Okay, so Octavia E. Butler isn’t exactly a new author but I wasn’t familiar with her work until I read Parable of the Sower, a sort of post-apocalyptic dystopian portrayal of the not-so-distant future.  It was incredibly compelling to say the least, and it was so easy to imagine the horrifying world becoming reality.  A world where society has broken down and people are forced to exist in walled communities, exiled from those on the outside.  Oil is gone, water is a priceless resource, cholera outbreaks kill entire cities and a drug that causes pyromania is spreading throughout the country.  Fifteen year old Lauren Olamina knows it’s only a matter of time before the wall that keeps her neighborhood safe is breached, and she is prepared for that day.  When it finally happens and she’s left alone among the fire and killing, she escapes her devastated home and heads north on foot, travelling freeways that were once clogged with traffic.  This book is not only about the struggle to survive, but the creation of a new way of thinking, a new faith called Earthseed that Lauren believes has the power to save humanity.  It was disturbing but very powerful.  If you’re in the mood to contemplate the future, pick up Parable of the Sower, put on a brave face, and turn the page.


poisonPoison Study, by Maria V. Snyder

Paperback, 416 pages
Harlequin Enterprises, Limited
December 01, 2008


This is Snyder’s debut, about a young girl who becomes the ruler’s food taster in order to avoid execution for the murder of the son of a general.  The girl, Yelena, is given poison and must receive the antidote each morning in order to stay alive, preventing her escape.  She is immediately tutored on all manners of poison and is exposed to them in order to ensure that she’ll be able to recognize any danger to the Commander that may be hidden in his food or drink.  First of all, the poison lore itself is fascinating and I loved reading about the rigorous training Yelena had to undergo before being ready to embody her new title.  I was drawn to Yelena and interested to find out more about her past and what led her to sign her own death warrant by committing murder.  The other characters, including the Commander’s right-hand man, Valek, were just as three-dimensional and it was easy to invest in them and care about their fates.  It was definitely a unique fantasy and I would highly recommend it, along with the sequel, Magic Study.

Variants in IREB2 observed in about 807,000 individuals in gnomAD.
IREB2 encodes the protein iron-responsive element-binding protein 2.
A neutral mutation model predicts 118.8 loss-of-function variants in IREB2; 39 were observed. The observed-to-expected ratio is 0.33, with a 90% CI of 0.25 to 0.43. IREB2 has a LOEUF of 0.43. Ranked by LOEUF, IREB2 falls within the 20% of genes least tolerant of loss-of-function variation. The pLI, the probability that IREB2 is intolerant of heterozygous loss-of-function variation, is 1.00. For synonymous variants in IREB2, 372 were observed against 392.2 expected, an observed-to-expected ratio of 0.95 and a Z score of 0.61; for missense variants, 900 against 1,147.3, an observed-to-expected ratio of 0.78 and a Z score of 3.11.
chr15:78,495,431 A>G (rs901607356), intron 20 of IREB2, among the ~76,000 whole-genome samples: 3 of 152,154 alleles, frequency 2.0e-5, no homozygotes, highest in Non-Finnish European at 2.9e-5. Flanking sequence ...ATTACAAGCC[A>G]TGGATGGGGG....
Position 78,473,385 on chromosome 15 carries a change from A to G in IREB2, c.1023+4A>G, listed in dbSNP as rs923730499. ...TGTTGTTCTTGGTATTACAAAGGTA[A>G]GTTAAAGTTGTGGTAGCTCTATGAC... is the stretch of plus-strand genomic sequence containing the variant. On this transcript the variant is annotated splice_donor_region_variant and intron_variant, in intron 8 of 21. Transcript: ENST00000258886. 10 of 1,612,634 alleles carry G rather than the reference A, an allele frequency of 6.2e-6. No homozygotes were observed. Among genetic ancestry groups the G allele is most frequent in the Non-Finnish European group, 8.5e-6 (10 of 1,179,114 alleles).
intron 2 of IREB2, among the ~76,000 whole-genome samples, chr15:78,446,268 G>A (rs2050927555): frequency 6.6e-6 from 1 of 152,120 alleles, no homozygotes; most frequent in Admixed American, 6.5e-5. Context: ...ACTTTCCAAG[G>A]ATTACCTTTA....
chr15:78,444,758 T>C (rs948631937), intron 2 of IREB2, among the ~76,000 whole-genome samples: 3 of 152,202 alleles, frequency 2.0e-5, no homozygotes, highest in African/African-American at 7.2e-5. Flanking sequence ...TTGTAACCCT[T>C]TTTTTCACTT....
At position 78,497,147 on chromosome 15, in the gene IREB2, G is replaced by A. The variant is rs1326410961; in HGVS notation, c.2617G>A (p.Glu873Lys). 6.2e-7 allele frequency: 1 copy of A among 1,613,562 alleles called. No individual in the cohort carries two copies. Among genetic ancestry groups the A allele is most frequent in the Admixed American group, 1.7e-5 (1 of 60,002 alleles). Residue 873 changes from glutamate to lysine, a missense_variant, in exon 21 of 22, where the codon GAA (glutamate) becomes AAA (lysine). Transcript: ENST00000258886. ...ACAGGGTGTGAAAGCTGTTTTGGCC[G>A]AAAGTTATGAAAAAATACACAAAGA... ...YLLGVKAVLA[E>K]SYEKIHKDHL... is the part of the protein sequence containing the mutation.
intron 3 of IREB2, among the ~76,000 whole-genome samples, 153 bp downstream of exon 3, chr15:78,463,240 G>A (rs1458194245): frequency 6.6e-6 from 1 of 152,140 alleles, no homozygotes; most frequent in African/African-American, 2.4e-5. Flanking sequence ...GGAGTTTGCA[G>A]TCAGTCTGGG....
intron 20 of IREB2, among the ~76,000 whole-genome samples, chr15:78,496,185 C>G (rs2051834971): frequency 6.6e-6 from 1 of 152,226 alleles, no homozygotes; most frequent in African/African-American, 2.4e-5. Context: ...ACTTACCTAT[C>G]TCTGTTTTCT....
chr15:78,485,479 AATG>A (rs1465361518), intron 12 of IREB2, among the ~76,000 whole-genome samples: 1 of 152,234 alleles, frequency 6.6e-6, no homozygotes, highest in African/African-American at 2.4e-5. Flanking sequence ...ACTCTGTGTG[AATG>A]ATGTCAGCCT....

What new authors have you discovered lately?



  1. Jody Said:

    This is a great idea. I’m terrible for just sticking with my favorite authors, so it’s great to get some fresh recommendations. The Name of the Wind sounds really good.

  2. Jamye Said:

    Hi Jody, thanks for commenting! I hope my good luck in finding great authors continues. Let me know if you read The Name of the Wind!

  3. Dominique Said:

    Hi Jamye, I loved your review of Nefertiti – I’d really like to get a copy now!

    • Jamye Said:

      Thanks! I definitely recommend it. Sooo good! I can’t wait to read The Heretic Queen.

  4. Terra Said:

    I think the Name in the Wind has been stalking me everywhere! It wants me to read it so I think that next time I see it in the shops I am just going to give in and buy it already!

    I really loved the Snyder’s Study series, myself. Those other two titles sound pretty interesting too. I’ll be keeping an eye out for those.

    • Jamye Said:

      It’s fate, you must read it! 🙂 Although, beware, the next one isn’t out yet so if you hate waiting you might want to hold off.

      I still have Fire Study in my TBR queue and after thinking about how great the first two were, I might bump it up to the top.

      Thanks for visiting!